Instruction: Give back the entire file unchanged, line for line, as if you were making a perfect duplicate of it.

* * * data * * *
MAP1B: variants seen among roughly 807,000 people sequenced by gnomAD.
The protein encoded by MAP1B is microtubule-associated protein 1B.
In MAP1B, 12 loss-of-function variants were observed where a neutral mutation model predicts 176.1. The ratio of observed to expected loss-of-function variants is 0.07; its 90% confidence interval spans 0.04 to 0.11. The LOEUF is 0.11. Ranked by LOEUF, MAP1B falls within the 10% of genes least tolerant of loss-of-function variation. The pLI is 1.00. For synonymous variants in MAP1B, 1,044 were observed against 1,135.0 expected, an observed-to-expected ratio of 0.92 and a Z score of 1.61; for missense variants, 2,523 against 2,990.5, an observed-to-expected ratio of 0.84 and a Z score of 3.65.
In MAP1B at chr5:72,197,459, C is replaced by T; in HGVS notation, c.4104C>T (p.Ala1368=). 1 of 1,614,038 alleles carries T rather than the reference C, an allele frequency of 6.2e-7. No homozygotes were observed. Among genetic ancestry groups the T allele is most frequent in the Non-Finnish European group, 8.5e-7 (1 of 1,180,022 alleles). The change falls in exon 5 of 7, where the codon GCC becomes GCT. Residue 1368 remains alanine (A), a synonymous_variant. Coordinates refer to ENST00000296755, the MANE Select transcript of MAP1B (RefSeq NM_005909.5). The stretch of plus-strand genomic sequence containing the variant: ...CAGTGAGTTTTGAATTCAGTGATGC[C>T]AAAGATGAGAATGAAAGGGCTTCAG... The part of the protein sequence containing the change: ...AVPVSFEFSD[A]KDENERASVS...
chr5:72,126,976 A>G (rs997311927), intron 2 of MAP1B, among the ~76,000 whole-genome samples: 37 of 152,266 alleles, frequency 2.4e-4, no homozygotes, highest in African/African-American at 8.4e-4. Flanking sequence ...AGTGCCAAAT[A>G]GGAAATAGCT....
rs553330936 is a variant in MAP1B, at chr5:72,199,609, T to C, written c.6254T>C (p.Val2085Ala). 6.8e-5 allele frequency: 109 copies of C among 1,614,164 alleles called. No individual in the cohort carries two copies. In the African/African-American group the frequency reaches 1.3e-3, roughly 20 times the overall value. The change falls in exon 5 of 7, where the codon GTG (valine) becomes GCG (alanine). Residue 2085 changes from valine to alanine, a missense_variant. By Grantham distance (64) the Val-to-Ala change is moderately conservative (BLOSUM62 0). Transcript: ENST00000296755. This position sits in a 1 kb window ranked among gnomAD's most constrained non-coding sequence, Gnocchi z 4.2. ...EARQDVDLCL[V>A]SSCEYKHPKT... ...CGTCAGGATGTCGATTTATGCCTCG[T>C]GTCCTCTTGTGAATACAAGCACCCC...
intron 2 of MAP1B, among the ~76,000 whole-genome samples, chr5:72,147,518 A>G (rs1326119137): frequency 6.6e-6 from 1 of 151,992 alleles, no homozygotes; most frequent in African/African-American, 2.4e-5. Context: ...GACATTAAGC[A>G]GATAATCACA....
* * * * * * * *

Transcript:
MAP1B: variants seen among roughly 807,000 people sequenced by gnomAD.
The protein encoded by MAP1B is microtubule-associated protein 1B.
In MAP1B, 12 loss-of-function variants were observed where a neutral mutation model predicts 176.1. The ratio of observed to expected loss-of-function variants is 0.07; its 90% confidence interval spans 0.04 to 0.11. The LOEUF is 0.11. Ranked by LOEUF, MAP1B falls within the 10% of genes least tolerant of loss-of-function variation. The pLI is 1.00. For synonymous variants in MAP1B, 1,044 were observed against 1,135.0 expected, an observed-to-expected ratio of 0.92 and a Z score of 1.61; for missense variants, 2,523 against 2,990.5, an observed-to-expected ratio of 0.84 and a Z score of 3.65.
In MAP1B at chr5:72,197,459, C is replaced by T; in HGVS notation, c.4104C>T (p.Ala1368=). 1 of 1,614,038 alleles carries T rather than the reference C, an allele frequency of 6.2e-7. No homozygotes were observed. Among genetic ancestry groups the T allele is most frequent in the Non-Finnish European group, 8.5e-7 (1 of 1,180,022 alleles). The change falls in exon 5 of 7, where the codon GCC becomes GCT. Residue 1368 remains alanine (A), a synonymous_variant. Coordinates refer to ENST00000296755, the MANE Select transcript of MAP1B (RefSeq NM_005909.5). The stretch of plus-strand genomic sequence containing the variant: ...CAGTGAGTTTTGAATTCAGTGATGC[C>T]AAAGATGAGAATGAAAGGGCTTCAG... The part of the protein sequence containing the change: ...AVPVSFEFSD[A]KDENERASVS...
chr5:72,126,976 A>G (rs997311927), intron 2 of MAP1B, among the ~76,000 whole-genome samples: 37 of 152,266 alleles, frequency 2.4e-4, no homozygotes, highest in African/African-American at 8.4e-4. Flanking sequence ...AGTGCCAAAT[A>G]GGAAATAGCT....
rs553330936 is a variant in MAP1B, at chr5:72,199,609, T to C, written c.6254T>C (p.Val2085Ala). 6.8e-5 allele frequency: 109 copies of C among 1,614,164 alleles called. No individual in the cohort carries two copies. In the African/African-American group the frequency reaches 1.3e-3, roughly 20 times the overall value. The change falls in exon 5 of 7, where the codon GTG (valine) becomes GCG (alanine). Residue 2085 changes from valine to alanine, a missense_variant. By Grantham distance (64) the Val-to-Ala change is moderately conservative (BLOSUM62 0). Transcript: ENST00000296755. This position sits in a 1 kb window ranked among gnomAD's most constrained non-coding sequence, Gnocchi z 4.2. ...EARQDVDLCL[V>A]SSCEYKHPKT... ...CGTCAGGATGTCGATTTATGCCTCG[T>C]GTCCTCTTGTGAATACAAGCACCCC...
intron 2 of MAP1B, among the ~76,000 whole-genome samples, chr5:72,147,518 A>G (rs1326119137): frequency 6.6e-6 from 1 of 151,992 alleles, no homozygotes; most frequent in African/African-American, 2.4e-5. Context: ...GACATTAAGC[A>G]GATAATCACA....